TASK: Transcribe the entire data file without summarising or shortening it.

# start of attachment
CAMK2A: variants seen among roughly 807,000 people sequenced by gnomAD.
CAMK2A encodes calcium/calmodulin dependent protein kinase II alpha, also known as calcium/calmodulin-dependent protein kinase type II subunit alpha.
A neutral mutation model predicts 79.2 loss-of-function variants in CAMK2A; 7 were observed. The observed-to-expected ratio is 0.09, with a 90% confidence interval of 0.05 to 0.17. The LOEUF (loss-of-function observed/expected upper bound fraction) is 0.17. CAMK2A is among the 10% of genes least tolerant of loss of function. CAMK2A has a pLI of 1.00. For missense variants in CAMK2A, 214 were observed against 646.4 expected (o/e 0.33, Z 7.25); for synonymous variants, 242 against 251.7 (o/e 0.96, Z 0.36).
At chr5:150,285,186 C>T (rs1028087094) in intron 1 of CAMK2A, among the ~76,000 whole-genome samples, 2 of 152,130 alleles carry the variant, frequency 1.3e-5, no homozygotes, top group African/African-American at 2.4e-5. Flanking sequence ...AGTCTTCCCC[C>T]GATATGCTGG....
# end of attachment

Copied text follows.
CAMK2A: variants seen among roughly 807,000 people sequenced by gnomAD.
CAMK2A encodes calcium/calmodulin dependent protein kinase II alpha, also known as calcium/calmodulin-dependent protein kinase type II subunit alpha.
A neutral mutation model predicts 79.2 loss-of-function variants in CAMK2A; 7 were observed. The observed-to-expected ratio is 0.09, with a 90% confidence interval of 0.05 to 0.17. The LOEUF (loss-of-function observed/expected upper bound fraction) is 0.17. CAMK2A is among the 10% of genes least tolerant of loss of function. CAMK2A has a pLI of 1.00. For missense variants in CAMK2A, 214 were observed against 646.4 expected (o/e 0.33, Z 7.25); for synonymous variants, 242 against 251.7 (o/e 0.96, Z 0.36).
At chr5:150,285,186 C>T (rs1028087094) in intron 1 of CAMK2A, among the ~76,000 whole-genome samples, 2 of 152,130 alleles carry the variant, frequency 1.3e-5, no homozygotes, top group African/African-American at 2.4e-5. Flanking sequence ...AGTCTTCCCC[C>T]GATATGCTGG....